However, its cultivation and export are still limited compared to the increased demand for this product. For this reason, it isn’t easy to find in most stores and is often used in the food industry to sweeten beverages. It’s a very new product in the industry, and its benefits have not been tested on humans. Therefore, the best advice is to use it sparingly and small amounts.

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  • American Diabetes Association. Lifestyle management: standards of medical care in diabetes – 2019. American Diabetes Association Diabetes Care. Enero 2019. 42 (Suppl 1): S46- S60.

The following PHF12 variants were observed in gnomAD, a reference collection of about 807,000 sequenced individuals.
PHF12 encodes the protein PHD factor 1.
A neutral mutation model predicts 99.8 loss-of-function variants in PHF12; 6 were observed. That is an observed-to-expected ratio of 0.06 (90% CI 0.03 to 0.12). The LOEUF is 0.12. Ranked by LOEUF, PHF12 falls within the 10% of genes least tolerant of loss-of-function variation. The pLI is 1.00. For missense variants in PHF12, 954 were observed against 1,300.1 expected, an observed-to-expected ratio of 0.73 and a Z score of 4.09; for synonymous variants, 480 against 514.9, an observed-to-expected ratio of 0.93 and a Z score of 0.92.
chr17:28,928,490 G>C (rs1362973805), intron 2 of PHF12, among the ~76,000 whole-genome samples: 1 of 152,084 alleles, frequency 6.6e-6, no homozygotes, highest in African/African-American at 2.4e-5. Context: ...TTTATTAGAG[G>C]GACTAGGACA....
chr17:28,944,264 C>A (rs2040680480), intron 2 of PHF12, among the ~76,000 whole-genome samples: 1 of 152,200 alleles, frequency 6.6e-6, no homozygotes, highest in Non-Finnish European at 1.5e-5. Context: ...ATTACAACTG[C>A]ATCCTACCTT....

• Gong X, et al. The fruits of Siraitia grosvenorii: a review of chinese food-medicine. Frontiers in Pharmacology. Noviembre 2019. 10: 1400.
  • Liu C, et al. Pharmacological activities of mogrosides. Future Medicinal Chemistry. Febrero 2018. 10 (8).
  • Kumar Thakur B, et al. Introduction, adaptation and characterization of monk fruit (Siraitia grosvenori): a non-caloric new natural sweetener. Scientific Reports. Marzo 2021. 11: 6205.
  • Nutra Source Inc. Determination of the Generally Recognized as Self (GRAS) status of Siraitia Grosvenori swingle (luo han guo) fruit extract as a food ingredient. Mayo 2017. Office of Food Additive Safety. Food and Drug Administration.
  • Younes M, et al. Safety use of Monk fruit extract as a food additive in different food categories. EFSA Journal. Diciembre 2019. 17 (12): e05921.